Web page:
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Sunday, January 17, 2010
It has been a while since I last baked something. As Chinese New Year approaches, everyone gets ready to churn out the best house recipes. The staple Chinese New Year treats would include the Pineapple Tart - buttery short bread cookie base topped with moist,sweet delicious pineapple jam, the Love Letters,- a crispy paper thin coconut flavoured egg roll rolled into the shape of a cigar, the Kuih Bangkit-a small, dry cookie made with sago flour that neverthless still melts in the mouth to release an explosion of fragrant coconut. I will be tempted to try my hands at these traditional treats but deep down for most of us, we know that we will never dare to pitch these against e.g 3rd Aunty's eagerly awaited Love Letters or The Mother-In-Law's 'Le Pineapple Tart'. When you are up against these time tested family heirloom recipes, you adopt a low profile and let the Patriachs Of The Family Kitchen shine.
So what can we do to get that nod of approval? What can we bring to the table that is different and tasty enough to get people interested? For the ones who are bold enough to try new things, who are thick skinned enough to brace the shoot downs, there will always be options - limited only by one's ability to think out of the box.
I choose today to with work with a Polvorone recipe. A Polvorone is really a traditional Spanish cookie. Somewhat like a short bread but compared with the pineapple tart, it has very much less butter but supringsingly still melts beautifully in the mouth. Usually almond based, many variations have been produced using e.g. Cashew Nuts (somewhat of a specialty in the Philippinnes now) , Pecan nuts etc.
I found a nice recipe in Keiko Ishida's Okashi, yet again. My eyes lit up when I saw her recommendation to vary it with Kinako powder( Soya Bean powder). Though traditionally presented as a round ball or cut into discs using cookie cutter, I wanted to play with a set of traditional wooden molds I bought in China for S$3. These work a little like the Ang Gu Kueh molds or to the people in the West, you can imagine it to be somewhat of a Springlere mold. With a mold with beautiful imprints like these, one needs to select the recipe carefully to ensure that the carved patterns stay clear and sharp. I needed to find a cookie recipe that will not spread too much in the oven, something that contains less fat and holds its shape. I did consider using a Springlere cookie recipe but that, I feel will not suit the palate expectation for this traditional Chinese festive season.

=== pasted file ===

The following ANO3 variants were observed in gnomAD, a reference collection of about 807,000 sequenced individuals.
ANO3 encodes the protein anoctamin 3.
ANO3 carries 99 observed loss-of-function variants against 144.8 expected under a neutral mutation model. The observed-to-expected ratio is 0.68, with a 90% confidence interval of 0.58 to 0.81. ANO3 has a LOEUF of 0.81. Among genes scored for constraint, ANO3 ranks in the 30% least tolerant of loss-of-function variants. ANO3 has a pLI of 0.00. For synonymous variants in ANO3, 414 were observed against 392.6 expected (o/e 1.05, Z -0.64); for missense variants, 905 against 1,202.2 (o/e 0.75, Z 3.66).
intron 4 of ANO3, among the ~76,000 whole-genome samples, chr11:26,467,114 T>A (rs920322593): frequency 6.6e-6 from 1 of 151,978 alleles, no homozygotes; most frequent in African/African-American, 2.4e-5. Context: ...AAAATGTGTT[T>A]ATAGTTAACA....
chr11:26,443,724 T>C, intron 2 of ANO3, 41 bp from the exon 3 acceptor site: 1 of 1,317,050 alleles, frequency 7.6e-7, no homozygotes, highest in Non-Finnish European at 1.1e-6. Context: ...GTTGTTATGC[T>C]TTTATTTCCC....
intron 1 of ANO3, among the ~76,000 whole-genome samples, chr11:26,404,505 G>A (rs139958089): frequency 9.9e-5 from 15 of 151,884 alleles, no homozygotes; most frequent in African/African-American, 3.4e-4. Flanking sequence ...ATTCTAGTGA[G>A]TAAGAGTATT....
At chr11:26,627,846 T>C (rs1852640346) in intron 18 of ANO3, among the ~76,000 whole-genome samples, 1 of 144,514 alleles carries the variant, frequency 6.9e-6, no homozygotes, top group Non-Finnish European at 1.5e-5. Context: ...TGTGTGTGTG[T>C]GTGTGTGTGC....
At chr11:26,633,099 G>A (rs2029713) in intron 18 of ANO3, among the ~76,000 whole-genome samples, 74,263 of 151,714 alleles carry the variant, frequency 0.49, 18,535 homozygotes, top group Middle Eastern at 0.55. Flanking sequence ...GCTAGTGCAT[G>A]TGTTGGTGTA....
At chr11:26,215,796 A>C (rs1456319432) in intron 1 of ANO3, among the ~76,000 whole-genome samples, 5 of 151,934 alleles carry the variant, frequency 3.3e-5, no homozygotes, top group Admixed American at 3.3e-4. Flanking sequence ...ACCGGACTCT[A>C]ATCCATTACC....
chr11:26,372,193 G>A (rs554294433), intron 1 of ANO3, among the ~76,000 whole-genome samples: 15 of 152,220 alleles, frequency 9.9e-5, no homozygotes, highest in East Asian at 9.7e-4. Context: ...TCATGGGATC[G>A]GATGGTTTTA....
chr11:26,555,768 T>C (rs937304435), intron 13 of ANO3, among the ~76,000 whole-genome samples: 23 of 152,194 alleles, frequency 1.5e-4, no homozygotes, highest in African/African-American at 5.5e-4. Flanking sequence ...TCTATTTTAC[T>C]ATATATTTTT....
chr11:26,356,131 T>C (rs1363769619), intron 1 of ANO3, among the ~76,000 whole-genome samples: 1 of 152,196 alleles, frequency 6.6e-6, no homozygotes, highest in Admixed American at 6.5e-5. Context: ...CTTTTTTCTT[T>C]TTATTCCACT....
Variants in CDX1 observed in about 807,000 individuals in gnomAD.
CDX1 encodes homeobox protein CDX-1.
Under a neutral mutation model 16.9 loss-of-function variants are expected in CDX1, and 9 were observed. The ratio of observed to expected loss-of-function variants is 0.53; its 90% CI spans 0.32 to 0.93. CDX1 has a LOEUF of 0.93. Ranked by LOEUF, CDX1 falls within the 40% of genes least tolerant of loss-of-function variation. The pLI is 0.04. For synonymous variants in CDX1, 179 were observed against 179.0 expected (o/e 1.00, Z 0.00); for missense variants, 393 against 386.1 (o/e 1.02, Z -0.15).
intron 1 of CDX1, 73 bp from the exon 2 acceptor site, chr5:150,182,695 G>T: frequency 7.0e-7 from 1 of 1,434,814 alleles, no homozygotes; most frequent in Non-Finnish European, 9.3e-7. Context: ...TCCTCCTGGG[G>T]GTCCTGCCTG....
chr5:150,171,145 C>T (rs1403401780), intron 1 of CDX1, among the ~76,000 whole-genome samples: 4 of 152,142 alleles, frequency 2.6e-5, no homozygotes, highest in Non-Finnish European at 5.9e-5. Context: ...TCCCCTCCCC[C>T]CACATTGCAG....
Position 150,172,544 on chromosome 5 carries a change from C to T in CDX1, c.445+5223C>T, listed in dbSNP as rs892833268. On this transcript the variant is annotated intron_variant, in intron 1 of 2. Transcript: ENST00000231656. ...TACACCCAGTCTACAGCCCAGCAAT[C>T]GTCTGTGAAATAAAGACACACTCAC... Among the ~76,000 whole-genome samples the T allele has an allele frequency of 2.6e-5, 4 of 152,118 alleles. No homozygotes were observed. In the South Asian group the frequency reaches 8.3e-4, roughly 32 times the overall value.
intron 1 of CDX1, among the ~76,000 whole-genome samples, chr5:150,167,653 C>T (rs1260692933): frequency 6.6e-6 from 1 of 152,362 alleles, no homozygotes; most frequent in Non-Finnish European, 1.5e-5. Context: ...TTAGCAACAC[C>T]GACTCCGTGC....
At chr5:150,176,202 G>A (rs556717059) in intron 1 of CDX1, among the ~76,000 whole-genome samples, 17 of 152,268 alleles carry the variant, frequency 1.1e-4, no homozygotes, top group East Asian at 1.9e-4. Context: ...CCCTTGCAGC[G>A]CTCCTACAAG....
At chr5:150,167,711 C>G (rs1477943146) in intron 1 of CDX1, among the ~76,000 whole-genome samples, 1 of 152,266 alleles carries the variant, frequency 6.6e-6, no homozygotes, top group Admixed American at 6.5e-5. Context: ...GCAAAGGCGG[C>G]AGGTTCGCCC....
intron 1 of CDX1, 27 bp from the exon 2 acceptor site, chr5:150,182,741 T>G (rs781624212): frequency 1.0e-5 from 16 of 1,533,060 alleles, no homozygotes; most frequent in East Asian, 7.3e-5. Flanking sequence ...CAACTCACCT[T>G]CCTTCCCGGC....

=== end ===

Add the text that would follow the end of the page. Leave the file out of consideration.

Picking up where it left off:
Working with the mold, is quite exasperating, though. Some motives seem to work better with the recipe that the others. I had wanted to get more cookies in the 'bird' motive but it tends to break off very easily at the tail joint. It was relatively easier to knock the cookie dough out of the Lotus flower and the flower basket motive.I was happy that the imprints remained sharp and clear after baking.
The taste of the cookie is fragrant with the soya bean powder and I like the melt in the mouth texture. It reminds me a little of the Green Bean cake (绿豆糕）- not as dry and crunchy as the Macau Specialty and neither is it as soft and cake-like as the oilier Taiwanese version. I am now motivated to play with Sesame powder and ground cashew nuts.
Recipe (adapted from Keiko Ishida's Okashi) :
110g All purpose flour
100g Unsalted butter
40g Icing sugar
70g Soy Bean Powder (Kinako)
1. Preheat oven to 150C.
2. Sift flour onto a parchment paper lined baking tray. Bake the flour at 150C for 25mins, stirring the flour a couple of times during the baking process.
3. Remove the flour from the oven and cool down to room temperature.
4. In a mixing bowl, beat butter and icing sugar with the paddle fixture until soft. Add the soy bean powder and mix well.
5. Add the flour and mix well with a spatula.
6. On a lightly floured board, roll out dough to a thickness of 1cm. Cut with your favourtie cookie cutter.
(for me, I had rolled the dough into a ball, inserted it in the floured wooden mold before pressing it into the mold. The mold is then given a firm knock against the table and the cookie will drop out of the mold.)
7. Dust with a mixture of powder sugar and Kinako powder.